“We had many different files – photos, painting, archival film, and new footage shot on five cameras: RED Epic, Sony FS700, Sony Alpha 99, Canon EOS 5D Mark III and GoPro 3+, so we had four different file types on a timeline –RED, ProRes, AVCHD and mov, in 4K and HD. That was a power of EDIUS, that we could have everything on the timeline in real-time.” Andrzej Kaluszko, Director & Producer Aura Film Tv Productions, WarsawVictory 1920 tells about the most important episode of the Warsaw Battle. “We had a few historians speaking about the battle, but the most important part was the reconstruction of the battle scenes. We used a lot of volunteers, and you can see the results in the trailer (www.youtube.com/watch?v=RM-PhATmbww). It’s in Polish, but you will be able to understand what is happening. Editing Victory 1920 is where Kaluszko placed his faith in EDIUS. “We had many different files – photos, painting, archival film, and new footage shot on five cameras: RED Epic, Sony FS700, Sony Alpha 99, Canon EOS 5D Mark III and GoPro 3+, so we had four different file types on a timeline –RED, ProRes, AVCHD and mov, in 4K and HD. That was a power of EDIUS, that we could have everything on the timeline in real- time,” explained Kaluszko. “The only exception was RED files, which we had converted into HQX files so we could edit in real-time. Every interview was shot with two and sometimes with three cameras, so I had to synchronize them in EDIUS. We didn’t have them connected as a master and slave so we had different timecodes. I synchronized them using waveforms as a reference. The multicam feature in EDIUS is just so helpful. “Color correction was very important for the film and made entirely in EDIUS,” said Kaluszko. “I wanted to have three different color spaces: contemporary scenes that were intensively saturated, old photos and films in black and white with a red component, and reconstruction scenes intensively desaturated leaving only military browns and greens. Sometimes HD clips had five or six filters, but everything still always played in real-time. “The sound mixer in EDIUS was very useful, but the loudness meter was an absolute necessary for broadcast. It was also important to have the waveform/vectroscope in EDIUS to control black level and chroma for broadcast. It also so easy to use the safe color button in the color correction tool if necessary. I can say that EDIUS performed great.”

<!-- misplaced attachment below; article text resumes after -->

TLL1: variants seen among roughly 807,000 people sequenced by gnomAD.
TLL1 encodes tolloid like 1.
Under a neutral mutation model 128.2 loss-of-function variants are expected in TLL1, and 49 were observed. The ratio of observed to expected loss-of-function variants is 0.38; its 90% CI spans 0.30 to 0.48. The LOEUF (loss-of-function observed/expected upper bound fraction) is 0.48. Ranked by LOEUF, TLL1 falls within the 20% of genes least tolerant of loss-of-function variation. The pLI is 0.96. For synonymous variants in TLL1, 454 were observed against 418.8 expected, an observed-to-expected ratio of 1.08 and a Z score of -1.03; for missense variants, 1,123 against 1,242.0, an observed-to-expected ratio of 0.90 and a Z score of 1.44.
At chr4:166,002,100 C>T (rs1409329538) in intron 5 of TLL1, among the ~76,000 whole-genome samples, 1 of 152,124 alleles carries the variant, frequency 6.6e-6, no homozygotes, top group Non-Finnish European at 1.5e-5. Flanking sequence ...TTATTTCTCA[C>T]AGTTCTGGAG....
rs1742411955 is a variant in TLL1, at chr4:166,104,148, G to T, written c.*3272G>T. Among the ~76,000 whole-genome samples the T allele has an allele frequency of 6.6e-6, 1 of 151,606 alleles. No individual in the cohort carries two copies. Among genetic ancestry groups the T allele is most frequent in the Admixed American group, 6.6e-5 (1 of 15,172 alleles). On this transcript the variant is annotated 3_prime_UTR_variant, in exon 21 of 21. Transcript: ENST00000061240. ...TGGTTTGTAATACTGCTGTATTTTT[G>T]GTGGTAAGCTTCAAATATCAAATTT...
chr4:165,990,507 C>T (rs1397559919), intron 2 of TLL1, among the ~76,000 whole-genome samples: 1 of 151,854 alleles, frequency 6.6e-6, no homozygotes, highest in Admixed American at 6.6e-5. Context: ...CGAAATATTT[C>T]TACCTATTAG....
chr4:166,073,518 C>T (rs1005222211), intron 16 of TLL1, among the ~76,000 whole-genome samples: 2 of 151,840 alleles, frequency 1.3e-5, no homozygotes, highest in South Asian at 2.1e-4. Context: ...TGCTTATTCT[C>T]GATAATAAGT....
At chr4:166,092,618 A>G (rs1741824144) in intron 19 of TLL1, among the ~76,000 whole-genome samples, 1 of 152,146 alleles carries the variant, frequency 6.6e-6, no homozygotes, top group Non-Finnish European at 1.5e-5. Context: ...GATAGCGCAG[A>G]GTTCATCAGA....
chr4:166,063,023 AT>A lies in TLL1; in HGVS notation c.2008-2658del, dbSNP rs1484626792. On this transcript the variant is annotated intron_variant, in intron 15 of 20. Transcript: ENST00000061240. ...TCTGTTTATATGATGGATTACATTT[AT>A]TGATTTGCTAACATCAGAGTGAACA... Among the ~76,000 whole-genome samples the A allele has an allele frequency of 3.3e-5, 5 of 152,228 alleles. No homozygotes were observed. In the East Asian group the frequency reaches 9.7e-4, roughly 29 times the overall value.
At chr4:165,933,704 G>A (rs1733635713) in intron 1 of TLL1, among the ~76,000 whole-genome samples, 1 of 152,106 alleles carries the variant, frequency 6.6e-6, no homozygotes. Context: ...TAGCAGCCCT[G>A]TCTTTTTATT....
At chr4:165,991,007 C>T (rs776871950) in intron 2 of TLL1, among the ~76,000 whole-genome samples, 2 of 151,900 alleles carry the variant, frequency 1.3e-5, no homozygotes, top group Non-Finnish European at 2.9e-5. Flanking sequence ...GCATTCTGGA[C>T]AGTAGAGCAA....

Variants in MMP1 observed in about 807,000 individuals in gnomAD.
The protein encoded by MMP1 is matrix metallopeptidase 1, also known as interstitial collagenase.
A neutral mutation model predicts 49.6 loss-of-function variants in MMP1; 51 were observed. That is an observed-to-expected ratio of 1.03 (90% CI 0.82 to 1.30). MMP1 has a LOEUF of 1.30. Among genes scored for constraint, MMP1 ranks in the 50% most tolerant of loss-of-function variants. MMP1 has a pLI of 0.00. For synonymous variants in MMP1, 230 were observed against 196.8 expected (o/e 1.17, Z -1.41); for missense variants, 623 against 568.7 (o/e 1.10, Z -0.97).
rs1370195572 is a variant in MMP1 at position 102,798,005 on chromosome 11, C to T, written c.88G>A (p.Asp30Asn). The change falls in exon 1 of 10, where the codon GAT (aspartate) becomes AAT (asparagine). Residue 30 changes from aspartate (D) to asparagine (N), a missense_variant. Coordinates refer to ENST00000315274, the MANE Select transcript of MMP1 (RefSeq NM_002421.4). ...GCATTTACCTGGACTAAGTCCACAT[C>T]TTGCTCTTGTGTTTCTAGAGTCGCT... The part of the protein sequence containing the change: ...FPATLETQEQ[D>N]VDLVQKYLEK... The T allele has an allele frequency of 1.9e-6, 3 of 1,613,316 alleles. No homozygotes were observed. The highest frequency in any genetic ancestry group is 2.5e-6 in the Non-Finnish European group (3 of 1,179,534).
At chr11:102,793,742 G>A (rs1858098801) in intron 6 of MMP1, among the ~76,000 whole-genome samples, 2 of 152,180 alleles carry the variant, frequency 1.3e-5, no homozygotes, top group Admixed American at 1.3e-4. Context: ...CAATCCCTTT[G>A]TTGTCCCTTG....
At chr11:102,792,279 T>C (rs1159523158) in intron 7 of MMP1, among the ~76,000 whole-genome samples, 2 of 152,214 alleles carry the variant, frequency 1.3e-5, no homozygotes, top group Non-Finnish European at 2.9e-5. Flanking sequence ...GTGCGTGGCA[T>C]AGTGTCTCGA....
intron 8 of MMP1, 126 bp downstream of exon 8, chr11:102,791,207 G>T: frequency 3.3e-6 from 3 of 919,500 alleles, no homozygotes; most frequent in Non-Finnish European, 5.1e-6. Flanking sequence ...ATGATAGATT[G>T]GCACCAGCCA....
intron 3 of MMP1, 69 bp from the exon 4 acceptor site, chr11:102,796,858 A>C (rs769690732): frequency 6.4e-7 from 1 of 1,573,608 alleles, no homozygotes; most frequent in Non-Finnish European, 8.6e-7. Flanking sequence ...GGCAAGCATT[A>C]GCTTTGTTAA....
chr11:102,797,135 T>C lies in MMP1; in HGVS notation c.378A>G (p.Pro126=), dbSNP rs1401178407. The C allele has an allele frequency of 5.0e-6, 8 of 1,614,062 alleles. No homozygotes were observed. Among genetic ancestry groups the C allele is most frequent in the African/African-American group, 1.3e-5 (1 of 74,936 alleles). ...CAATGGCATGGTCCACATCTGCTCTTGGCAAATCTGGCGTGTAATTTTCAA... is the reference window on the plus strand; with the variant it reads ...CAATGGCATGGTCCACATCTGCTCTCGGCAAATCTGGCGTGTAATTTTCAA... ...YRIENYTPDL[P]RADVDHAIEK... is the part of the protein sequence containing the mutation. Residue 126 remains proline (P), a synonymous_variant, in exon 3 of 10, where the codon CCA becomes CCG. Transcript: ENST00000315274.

BenefitsUpgrading software is never an easy decision, but for Kaluszko the decision was dictated by workflow.
“I upgraded to EDIUS 8.1 to optimize my multiprocessor system,” explained Kaluszko. “I wanted speed, stability and support for all the new formats, especially from 4K cameras. I wanted to edit smoothly and fast, but also to export long pieces of work into the various media formats in the shortest possible time. I needed a 4K workflow, I wanted the new GUI design and new beta OFX support .”Kaluszko is also happy about the new announced features that will soon be available for EDIUS 8: optical flow, motion tracking, RAW support, new color grading, LUT and LOG support, background rendering, auto loudness adjust and more. He also elected to upgrade from the Pro version to the Workgroup version to fully unlock the potential of his PC. “The speed is fantastic, optimized for my two multicore processors, and very useful for Avid projects with native DNxHD import/export , plus the built-in loudness meter and interoperability with a lot of broadcast hardware and software. “If you have a powerful editing station with two or more multicore processors, you should absolutely upgrade to EDIUS Workgroup 8, especially for broadcast work.” Kaluszko also has some advice for those still using previous versions of EDIUS or who have never tried EDIUS: “For those using a previous version of EDIUS, all I can say is go for the upgrade. EDIUS 8 is really very good and worth its price. And for those who have never tried EDIUS, you must try it. You get a superfast and convenient system that works with so many formats including the newest ones that other systems won’t even touch. You can put every clip – even with different resolutions and frame rates – on one timeline. You can put as many filters and transitions as you like, and still edit in real-time. “And the most important thing – you buy EDIUS forever. Ownership is important to me - I don’t like monthly or yearly fees”